Sunday, April 24, 2016


 What are the father's biggest takeaways from the first six months?


1. Things can always go wrong

I've written about the delivery previously.

We worked with a doctor from a very good hospital. An early blood test showed that we were high risk (AFP > 2.5), so we worked with a specialist and did double the normal number of prenatal visits. Her diet was great. We scheduled the induction slightly before she was supposed to go into labor. She was monitored constantly from the time we entered the hospital to the time things went bad.

With all of that, his oxygen still dropped and his heart nearly stopped forcing an emergency caesarean and several days in the NICU. Had we been at home when she'd gone into labor, he would have died. Had we gone somewhere other than an ER for delivery, he would have died.

2. Kids are expensive

This is obvious, and I knew it going in, but I'd thought it would be something like $10k/year. It's way more than that. I don't see this getting any better as he grows up because of college expenses and higher food costs.

3. Babies are really fun

There are too many things to list them all here, but a few that stand out as memorable and great to me are:
  • He was completely dependent on my wife for the first few weeks. When he was almost one month old, she was changing him and I came in to play with him, and he stared at me instead of her with a content look. It was a great feeling and he's been very interactive since then.
  • He had really bad gas problems from ~6 weeks to ~12 weeks. He would kick and scream and it was heartbreaking, but there were several things that eased his discomfort, and my favorite is what my wife calls the 'anteater' hold. It's a variant of a common gas hold where I cup his crotch and rest his head on my forearm right below the elbow. He would freak out, then fart loudly and relax, and when relaxing, his arms and legs went limp and he looked kind of like an anteater.
  • I don't remember exactly when it started (it was pre-daycare so sometime before he turned three months old), but a baby laughing is awesome. He does it a lot more often now, and we still get amused each time. It can be triggered by us tickling him, making sounds he finds funny, bouncing him up and down, etc. He often laughs so hard that he gets out of breath, gets a panicked look, sighs, and continues giggling.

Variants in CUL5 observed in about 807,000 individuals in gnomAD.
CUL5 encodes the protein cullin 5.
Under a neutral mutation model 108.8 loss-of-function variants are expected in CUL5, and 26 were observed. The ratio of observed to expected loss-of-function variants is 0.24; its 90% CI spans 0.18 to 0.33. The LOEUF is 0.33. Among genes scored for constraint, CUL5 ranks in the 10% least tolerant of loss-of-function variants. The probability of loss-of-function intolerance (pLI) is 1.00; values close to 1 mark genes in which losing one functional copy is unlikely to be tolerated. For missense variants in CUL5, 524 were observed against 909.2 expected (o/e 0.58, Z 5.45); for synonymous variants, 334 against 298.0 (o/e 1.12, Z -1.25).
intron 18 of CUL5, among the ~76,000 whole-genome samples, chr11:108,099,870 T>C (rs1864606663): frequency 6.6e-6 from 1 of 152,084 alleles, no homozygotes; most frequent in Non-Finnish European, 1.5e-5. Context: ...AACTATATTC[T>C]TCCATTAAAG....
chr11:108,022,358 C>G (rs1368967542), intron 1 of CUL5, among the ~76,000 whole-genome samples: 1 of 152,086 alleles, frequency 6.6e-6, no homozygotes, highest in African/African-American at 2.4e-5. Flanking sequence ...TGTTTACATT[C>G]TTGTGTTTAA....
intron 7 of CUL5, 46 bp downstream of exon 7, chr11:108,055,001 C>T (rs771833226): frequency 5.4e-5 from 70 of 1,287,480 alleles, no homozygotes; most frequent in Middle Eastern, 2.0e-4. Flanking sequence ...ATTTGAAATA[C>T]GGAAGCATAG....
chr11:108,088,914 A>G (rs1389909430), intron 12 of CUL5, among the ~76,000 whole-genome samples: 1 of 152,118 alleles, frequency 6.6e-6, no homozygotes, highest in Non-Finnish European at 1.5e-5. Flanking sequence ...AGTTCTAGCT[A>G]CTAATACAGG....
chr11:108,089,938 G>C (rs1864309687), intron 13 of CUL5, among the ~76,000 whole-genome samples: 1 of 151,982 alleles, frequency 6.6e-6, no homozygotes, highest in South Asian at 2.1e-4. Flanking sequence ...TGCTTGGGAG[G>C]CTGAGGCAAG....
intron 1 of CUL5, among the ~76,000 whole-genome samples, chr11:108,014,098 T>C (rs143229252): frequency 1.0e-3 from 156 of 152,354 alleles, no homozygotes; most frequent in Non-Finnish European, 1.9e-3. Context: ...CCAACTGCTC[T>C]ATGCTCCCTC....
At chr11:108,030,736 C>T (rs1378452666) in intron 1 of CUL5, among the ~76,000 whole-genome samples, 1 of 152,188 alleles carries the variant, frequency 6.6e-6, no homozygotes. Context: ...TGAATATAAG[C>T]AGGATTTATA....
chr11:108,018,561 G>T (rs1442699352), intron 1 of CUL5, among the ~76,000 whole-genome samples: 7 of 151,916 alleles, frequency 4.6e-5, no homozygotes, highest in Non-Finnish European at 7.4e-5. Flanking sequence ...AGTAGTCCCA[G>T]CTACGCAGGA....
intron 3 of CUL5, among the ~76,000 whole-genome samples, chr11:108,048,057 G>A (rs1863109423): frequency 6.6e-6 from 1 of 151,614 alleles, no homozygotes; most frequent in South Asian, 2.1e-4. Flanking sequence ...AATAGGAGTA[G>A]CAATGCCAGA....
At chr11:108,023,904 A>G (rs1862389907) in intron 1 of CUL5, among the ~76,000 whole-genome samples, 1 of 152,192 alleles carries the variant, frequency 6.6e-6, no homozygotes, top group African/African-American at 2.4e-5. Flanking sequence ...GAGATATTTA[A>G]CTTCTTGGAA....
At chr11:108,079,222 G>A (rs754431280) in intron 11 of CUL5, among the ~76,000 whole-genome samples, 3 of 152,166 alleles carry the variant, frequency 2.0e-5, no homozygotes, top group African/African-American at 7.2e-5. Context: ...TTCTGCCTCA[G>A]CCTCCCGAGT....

• When he was ~2 months old, we were watching Modern Family, and every time Sofia Vergara screamed, he would look at me and coo as if she were talking to him and he thought it was me and was trying to have a conversation. It was the first time I remember him cooing in a conscious way to try to get my attention.

 

4. I give up things without really thinking about it

I've noted that we are less social now. Other things that are obvious in retrospect also go. Traveling is much more complicated and not really worth it for fun currently (I'm looking forward to when he's ~5 and will start liking museums and stuff). Going to stores in person is much more of an inconvenience so we just shop online. Restaurants that require long waits are problematic.

The best way I can think of to communicate it to someone who hasn't experienced it is to think of any task that requires you to be away from home for greater than two hours. If your baby has trouble sleeping, that task is no longer possible.

Another aspect is that I have a drive to be home and around him that trumps everything else. See a really good job posting and want to apply? Unacceptable...this job would require more than 40 hours a week so no matter how cool it is, it's not worth it. Want to take MMA classes? I can, but that means I don't get to spend time with him a few days a week.

 

5. Breastfeeding takes absolutely forever

Each session is at least 20 minutes and sometimes up to 60 minutes. For the first month, there were >10 sessions most days. Even at six months, there are six or so sessions of either breastfeeding or breast pumping per day. It really adds up. He also often falls asleep during it, and we don't want to wake him, so my wife is stuck in that position for even longer. Buy a tablet or something else that you can use while the baby is feeding.

 

6. Changing diapers is actually quite fun

I'm not sure if it's because my wife and I often did it together with him, but he views diaper changes (or anytime he's naked) as play time and gets really happy when we do it. You can blow on his stomach to make him giggle. He puts his feet in his mouth at the most inconvenient times. He kicks the diaper and gets poop everywhere. It's all pretty great.

 

7. I get sick much more often

I typically get noticeably sick (e.g., vomit without being drunk or have a fever) less than once a year. It's happened four times in his first six months. I'm guessing it's a combination of sleep deprivation and him bringing things home from daycare



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